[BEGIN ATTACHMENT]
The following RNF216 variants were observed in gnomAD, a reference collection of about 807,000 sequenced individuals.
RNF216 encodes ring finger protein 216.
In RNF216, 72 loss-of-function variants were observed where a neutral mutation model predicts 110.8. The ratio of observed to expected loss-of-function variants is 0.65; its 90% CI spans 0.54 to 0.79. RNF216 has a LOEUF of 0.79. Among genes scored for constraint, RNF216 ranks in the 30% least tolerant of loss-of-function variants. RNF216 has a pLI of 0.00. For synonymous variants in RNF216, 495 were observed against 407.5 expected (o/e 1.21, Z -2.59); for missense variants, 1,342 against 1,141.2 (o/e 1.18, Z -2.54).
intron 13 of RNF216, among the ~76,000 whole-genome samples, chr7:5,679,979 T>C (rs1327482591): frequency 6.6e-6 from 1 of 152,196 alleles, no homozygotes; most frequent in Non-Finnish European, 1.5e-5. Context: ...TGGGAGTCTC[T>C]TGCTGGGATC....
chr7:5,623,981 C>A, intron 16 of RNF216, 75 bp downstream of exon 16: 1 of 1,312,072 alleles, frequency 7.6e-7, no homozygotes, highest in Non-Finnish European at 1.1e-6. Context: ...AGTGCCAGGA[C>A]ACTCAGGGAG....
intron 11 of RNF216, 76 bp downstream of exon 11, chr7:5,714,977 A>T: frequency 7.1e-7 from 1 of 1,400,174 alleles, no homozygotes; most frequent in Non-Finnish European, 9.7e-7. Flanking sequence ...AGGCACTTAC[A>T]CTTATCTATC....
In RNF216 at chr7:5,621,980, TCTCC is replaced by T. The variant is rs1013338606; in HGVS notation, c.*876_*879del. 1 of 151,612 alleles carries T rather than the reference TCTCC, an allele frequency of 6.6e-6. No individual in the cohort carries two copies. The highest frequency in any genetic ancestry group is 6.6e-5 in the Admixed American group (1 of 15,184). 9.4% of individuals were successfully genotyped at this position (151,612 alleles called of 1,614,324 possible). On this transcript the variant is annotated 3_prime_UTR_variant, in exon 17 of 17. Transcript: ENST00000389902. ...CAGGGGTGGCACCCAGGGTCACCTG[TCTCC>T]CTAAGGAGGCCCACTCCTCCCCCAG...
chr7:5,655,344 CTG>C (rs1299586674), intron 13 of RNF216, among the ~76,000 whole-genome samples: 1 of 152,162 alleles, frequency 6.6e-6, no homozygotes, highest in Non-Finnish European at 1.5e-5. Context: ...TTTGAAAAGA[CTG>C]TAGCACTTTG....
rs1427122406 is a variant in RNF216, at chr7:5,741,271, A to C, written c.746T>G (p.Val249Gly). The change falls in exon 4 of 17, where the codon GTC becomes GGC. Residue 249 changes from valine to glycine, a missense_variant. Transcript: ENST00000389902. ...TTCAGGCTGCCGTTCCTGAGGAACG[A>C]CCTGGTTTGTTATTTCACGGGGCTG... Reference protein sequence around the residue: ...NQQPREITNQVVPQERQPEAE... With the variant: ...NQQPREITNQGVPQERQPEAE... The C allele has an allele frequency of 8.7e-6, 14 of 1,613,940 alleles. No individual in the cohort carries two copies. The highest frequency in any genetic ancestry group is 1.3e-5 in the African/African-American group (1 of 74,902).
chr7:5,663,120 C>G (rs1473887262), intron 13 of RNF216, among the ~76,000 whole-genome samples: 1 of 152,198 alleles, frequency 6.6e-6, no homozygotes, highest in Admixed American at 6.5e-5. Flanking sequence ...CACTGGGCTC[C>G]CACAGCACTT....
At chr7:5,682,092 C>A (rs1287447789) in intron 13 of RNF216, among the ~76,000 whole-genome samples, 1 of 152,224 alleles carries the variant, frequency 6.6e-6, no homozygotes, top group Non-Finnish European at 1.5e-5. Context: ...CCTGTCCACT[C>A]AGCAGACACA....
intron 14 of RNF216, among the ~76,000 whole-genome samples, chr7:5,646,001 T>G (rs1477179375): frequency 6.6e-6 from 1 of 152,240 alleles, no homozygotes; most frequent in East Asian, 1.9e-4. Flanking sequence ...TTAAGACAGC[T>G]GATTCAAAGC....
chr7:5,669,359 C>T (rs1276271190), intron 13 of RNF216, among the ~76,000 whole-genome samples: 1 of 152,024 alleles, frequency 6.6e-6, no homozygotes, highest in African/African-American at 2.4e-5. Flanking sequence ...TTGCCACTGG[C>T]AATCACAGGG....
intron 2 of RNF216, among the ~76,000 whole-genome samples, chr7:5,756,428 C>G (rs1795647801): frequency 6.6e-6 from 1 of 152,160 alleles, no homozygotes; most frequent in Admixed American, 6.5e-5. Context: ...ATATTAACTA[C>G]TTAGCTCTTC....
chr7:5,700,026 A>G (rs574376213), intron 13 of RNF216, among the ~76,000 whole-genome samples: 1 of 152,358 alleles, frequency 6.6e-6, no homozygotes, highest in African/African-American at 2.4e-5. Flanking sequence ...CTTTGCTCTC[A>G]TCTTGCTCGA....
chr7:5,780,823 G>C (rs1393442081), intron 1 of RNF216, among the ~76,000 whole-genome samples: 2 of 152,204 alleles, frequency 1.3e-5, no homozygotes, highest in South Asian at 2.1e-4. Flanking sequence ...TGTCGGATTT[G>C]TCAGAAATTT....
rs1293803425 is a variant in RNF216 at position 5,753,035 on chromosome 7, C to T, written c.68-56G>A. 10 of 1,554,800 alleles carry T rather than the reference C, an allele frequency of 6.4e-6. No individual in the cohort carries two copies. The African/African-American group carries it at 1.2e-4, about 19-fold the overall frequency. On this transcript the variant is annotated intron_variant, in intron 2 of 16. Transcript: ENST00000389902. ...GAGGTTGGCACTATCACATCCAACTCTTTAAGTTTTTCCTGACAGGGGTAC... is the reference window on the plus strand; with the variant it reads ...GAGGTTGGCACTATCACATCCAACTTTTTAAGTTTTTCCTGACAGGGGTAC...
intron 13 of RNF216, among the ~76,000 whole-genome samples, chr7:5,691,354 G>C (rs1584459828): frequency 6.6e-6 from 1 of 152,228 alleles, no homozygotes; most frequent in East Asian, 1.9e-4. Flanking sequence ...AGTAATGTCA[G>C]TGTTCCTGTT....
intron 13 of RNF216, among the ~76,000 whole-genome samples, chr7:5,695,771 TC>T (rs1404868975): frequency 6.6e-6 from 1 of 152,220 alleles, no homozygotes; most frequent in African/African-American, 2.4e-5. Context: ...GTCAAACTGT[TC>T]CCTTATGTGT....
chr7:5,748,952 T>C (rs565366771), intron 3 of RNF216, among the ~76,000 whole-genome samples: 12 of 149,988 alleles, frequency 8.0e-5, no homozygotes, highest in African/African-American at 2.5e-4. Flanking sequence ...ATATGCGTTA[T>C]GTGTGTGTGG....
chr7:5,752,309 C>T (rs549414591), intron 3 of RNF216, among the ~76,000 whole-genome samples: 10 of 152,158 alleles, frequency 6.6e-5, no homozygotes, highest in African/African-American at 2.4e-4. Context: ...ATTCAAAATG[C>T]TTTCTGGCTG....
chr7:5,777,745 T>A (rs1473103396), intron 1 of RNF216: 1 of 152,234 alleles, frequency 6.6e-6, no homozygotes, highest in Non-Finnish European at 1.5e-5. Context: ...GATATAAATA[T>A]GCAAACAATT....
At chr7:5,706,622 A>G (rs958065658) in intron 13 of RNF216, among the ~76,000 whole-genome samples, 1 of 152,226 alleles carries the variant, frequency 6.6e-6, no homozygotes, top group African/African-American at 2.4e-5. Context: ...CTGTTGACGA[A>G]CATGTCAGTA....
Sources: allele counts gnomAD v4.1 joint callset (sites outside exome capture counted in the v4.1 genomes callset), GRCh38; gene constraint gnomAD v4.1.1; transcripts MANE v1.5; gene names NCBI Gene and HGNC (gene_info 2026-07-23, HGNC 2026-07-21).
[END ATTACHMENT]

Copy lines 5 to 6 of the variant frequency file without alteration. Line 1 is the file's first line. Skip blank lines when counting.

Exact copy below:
chr7:5,623,981 C>A, intron 16 of RNF216, 75 bp downstream of exon 16: 1 of 1,312,072 alleles, frequency 7.6e-7, no homozygotes, highest in Non-Finnish European at 1.1e-6. Context: ...AGTGCCAGGA[C>A]ACTCAGGGAG....
intron 11 of RNF216, 76 bp downstream of exon 11, chr7:5,714,977 A>T: frequency 7.1e-7 from 1 of 1,400,174 alleles, no homozygotes; most frequent in Non-Finnish European, 9.7e-7. Flanking sequence ...AGGCACTTAC[A>T]CTTATCTATC....